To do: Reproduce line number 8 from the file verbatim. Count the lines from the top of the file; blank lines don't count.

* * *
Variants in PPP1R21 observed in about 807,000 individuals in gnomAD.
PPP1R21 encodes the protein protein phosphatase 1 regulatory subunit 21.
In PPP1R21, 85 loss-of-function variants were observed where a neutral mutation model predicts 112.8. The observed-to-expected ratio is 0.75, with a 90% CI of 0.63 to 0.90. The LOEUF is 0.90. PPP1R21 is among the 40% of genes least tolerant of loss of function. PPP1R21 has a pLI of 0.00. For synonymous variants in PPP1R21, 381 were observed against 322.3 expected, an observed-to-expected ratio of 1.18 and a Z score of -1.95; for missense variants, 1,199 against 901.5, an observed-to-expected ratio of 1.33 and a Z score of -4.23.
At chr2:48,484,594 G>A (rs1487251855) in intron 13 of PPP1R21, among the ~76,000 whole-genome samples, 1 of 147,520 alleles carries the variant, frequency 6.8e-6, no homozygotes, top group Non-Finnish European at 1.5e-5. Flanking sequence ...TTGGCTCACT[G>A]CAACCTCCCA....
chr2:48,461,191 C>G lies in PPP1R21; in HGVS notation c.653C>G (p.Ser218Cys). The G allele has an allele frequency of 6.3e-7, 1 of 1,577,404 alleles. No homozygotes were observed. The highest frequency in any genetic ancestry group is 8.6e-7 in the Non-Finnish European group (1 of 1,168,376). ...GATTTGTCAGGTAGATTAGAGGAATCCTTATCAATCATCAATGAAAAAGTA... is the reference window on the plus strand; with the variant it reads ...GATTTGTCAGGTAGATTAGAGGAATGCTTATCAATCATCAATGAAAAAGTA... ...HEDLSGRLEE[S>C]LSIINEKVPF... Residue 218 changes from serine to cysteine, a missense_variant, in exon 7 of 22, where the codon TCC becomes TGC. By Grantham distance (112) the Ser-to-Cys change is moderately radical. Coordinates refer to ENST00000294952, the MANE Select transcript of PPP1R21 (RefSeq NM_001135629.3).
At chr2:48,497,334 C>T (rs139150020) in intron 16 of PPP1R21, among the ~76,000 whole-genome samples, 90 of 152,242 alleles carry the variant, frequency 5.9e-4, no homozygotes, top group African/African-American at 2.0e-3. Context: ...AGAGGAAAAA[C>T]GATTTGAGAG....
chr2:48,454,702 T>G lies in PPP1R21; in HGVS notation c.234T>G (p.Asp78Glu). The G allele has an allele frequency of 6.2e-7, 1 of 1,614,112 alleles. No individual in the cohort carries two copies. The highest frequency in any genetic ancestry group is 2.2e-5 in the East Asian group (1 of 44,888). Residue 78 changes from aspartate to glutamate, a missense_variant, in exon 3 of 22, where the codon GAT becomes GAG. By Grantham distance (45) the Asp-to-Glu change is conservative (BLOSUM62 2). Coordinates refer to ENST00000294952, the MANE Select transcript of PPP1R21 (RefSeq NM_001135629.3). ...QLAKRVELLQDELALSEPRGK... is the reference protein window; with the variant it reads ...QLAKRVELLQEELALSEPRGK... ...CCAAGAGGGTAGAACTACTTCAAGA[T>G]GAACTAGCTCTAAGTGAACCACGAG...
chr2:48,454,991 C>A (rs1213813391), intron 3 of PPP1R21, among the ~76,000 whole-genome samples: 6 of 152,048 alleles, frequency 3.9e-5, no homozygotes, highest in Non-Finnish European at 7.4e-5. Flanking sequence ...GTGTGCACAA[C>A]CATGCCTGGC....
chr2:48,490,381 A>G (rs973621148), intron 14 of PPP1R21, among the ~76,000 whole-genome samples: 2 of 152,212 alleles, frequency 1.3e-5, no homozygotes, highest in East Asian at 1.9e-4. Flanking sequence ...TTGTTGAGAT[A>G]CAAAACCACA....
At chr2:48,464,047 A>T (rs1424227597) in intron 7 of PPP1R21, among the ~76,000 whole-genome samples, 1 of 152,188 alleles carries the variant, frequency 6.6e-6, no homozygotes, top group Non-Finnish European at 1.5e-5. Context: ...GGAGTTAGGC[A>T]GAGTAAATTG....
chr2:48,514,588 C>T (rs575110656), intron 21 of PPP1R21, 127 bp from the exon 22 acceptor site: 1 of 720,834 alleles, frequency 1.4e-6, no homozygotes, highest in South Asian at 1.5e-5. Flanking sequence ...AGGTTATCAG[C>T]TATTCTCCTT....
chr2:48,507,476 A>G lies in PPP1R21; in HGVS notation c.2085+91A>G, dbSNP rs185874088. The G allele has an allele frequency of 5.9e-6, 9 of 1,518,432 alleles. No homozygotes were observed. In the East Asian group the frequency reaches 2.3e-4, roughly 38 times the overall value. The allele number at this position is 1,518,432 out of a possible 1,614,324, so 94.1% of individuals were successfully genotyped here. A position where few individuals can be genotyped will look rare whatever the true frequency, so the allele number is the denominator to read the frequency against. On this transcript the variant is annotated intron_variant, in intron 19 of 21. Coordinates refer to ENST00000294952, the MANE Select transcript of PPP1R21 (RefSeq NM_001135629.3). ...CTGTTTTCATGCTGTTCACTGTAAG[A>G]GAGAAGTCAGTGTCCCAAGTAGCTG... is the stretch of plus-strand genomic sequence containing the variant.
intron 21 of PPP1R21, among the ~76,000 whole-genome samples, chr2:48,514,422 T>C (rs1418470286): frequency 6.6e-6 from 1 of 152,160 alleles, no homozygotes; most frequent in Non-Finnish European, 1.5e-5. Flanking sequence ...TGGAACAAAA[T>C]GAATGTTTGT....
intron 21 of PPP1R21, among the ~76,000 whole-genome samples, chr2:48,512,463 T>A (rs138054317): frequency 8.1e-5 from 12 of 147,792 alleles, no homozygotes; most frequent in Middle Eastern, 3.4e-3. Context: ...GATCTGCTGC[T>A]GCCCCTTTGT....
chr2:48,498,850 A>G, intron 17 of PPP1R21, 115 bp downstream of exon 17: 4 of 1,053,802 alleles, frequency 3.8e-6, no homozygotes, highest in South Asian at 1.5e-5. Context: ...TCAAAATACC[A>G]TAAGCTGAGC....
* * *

chr2:48,454,991 C>A (rs1213813391), intron 3 of PPP1R21, among the ~76,000 whole-genome samples: 6 of 152,048 alleles, frequency 3.9e-5, no homozygotes, highest in Non-Finnish European at 7.4e-5. Flanking sequence ...GTGTGCACAA[C>A]CATGCCTGGC....